And when this happens and when we allow freedom to ring, when we let it ring from every village and every hamlet, from every state and every city, we will be able to speed up that day when all of God's children, black men and white men, Jews and Gentiles, Protestants and Catholics, will be able to join hands and sing in the words of that old Negro spiritual,  "Free at last!  Free at last! Free at last!  Thank God almighty, we are free at last!" *

             Has anybody here, seen my old friend John?
             Can you tell me where he's gone?

        . . . Man holds in his mortal hands the power to abolish all forms of human poverty and all forms of human life.  And yet the same revolutionary beliefs, for which our forbearers fought, are still at issue around the globe; the belief that the rights of man, come not from the generosity of the state, but from the hand of God. . . Let the word go forth from this time and place, to friend and foe alike, that the torch has been passed to a new generation of Americans. . .  If a free society cannot help the many who are poor, it cannot save the few who are rich . . . And so, my fellow Americans, ask not what your country can do for you; ask what you can do for your country.  My fellow citizens of the world, ask not what America will do for you, but what together we can do for the freedom of man. . . knowing that here on earth, God's work must truly be our own.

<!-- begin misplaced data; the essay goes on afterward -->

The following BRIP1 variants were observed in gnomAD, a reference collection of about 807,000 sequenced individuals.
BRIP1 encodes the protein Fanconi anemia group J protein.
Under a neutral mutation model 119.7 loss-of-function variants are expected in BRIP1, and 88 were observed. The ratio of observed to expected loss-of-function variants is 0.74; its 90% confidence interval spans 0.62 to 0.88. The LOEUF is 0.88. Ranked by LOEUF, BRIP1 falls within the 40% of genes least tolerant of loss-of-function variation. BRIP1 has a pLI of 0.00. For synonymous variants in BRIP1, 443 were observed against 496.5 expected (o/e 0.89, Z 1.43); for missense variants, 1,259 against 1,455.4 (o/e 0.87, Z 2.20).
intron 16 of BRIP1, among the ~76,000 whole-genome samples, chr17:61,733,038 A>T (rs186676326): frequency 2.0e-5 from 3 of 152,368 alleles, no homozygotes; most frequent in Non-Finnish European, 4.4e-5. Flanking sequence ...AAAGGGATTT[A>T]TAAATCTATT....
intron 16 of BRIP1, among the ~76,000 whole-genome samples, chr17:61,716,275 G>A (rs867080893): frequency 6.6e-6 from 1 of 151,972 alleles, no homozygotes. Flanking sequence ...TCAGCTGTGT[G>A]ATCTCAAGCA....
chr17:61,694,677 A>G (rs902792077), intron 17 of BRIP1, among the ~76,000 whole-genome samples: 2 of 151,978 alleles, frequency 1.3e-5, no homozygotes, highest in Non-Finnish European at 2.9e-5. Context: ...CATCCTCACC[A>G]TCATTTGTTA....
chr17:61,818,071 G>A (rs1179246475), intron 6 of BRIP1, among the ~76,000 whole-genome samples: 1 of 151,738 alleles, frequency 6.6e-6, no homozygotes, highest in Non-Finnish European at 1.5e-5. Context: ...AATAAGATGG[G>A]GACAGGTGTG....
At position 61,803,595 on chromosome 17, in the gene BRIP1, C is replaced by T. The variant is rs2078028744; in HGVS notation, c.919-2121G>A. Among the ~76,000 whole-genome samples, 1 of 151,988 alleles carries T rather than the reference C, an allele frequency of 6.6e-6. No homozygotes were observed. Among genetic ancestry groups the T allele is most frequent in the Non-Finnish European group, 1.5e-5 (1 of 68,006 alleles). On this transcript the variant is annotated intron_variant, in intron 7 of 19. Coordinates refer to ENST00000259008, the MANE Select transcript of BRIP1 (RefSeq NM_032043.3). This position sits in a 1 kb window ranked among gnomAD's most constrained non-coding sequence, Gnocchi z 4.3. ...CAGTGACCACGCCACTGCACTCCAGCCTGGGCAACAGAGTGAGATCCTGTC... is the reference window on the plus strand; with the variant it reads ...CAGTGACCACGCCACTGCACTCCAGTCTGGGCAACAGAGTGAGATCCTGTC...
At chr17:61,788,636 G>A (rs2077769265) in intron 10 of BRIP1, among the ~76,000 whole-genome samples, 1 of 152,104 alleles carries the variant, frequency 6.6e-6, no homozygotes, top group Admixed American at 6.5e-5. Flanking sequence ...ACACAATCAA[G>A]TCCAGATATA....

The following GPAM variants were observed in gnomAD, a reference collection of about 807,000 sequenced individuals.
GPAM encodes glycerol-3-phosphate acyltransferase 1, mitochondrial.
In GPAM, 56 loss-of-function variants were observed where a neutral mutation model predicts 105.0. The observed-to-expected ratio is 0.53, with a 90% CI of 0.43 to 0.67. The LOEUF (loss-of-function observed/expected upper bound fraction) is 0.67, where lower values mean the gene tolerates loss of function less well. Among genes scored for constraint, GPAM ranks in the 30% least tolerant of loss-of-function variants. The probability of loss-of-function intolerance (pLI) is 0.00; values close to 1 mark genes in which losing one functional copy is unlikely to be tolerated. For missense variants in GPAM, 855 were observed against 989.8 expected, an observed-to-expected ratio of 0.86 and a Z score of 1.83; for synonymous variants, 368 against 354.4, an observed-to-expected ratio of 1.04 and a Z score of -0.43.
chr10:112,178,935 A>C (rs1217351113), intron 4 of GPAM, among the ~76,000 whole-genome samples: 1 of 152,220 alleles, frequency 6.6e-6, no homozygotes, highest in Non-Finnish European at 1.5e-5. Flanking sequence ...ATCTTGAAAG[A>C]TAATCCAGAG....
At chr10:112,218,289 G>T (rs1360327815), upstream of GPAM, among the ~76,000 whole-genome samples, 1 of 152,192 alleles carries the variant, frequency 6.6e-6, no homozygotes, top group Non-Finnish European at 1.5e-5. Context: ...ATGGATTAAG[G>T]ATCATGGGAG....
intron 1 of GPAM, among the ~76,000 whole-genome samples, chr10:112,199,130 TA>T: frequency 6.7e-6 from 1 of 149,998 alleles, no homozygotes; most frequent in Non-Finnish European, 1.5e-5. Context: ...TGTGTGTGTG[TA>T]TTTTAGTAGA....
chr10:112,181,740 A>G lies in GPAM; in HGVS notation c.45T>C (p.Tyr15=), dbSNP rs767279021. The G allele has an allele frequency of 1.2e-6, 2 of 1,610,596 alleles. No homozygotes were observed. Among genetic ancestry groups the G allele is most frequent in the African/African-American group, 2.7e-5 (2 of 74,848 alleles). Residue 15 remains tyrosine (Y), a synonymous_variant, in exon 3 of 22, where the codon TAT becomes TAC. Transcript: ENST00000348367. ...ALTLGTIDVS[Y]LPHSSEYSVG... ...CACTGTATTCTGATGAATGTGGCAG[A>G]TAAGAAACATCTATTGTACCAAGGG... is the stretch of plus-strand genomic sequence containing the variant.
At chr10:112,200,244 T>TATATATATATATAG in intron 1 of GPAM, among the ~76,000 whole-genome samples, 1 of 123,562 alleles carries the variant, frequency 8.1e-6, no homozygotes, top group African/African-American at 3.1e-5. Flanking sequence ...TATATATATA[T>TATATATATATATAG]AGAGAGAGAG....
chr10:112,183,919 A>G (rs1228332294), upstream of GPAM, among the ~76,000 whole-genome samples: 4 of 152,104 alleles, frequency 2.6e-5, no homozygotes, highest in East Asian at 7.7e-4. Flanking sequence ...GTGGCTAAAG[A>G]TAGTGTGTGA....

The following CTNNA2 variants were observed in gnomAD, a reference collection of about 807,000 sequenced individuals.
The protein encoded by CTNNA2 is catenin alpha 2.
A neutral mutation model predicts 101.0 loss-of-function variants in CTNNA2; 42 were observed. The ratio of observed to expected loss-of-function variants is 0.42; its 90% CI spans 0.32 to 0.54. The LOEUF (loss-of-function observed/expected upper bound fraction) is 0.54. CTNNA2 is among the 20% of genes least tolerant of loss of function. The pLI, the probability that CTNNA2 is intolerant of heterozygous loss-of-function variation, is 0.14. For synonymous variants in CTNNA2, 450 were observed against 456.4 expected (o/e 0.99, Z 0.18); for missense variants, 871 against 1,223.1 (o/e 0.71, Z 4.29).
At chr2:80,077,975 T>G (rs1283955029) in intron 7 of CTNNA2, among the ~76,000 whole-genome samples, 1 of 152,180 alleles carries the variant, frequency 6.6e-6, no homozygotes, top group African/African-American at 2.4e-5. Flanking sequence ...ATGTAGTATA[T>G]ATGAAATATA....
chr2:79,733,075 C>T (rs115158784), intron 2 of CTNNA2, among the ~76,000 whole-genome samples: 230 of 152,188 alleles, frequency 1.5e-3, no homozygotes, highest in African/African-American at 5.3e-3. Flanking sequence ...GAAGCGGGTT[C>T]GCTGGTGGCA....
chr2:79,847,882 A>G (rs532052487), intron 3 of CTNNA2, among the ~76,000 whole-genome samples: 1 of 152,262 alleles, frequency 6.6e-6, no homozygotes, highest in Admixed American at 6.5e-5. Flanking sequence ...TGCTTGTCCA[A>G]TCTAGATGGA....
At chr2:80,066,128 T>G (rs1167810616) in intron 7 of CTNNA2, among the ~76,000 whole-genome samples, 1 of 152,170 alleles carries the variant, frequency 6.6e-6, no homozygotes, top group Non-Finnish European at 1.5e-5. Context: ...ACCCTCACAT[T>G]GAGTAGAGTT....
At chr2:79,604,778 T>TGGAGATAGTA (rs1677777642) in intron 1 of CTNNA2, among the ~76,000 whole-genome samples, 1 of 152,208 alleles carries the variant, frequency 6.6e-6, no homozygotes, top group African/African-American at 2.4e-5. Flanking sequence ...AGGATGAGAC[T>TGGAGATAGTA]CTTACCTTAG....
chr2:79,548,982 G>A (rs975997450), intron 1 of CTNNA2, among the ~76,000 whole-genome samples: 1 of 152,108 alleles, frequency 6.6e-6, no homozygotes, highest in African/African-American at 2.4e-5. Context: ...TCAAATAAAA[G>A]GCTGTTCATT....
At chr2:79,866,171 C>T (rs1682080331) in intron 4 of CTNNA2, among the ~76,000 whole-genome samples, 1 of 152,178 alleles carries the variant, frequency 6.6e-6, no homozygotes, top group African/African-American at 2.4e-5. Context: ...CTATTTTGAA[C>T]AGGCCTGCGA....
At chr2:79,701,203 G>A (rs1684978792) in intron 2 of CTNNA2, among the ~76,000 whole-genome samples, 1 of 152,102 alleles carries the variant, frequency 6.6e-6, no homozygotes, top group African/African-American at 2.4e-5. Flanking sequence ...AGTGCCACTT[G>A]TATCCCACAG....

Has anybody here, seen my old friend Bobby?
             Can you tell me where he's gone?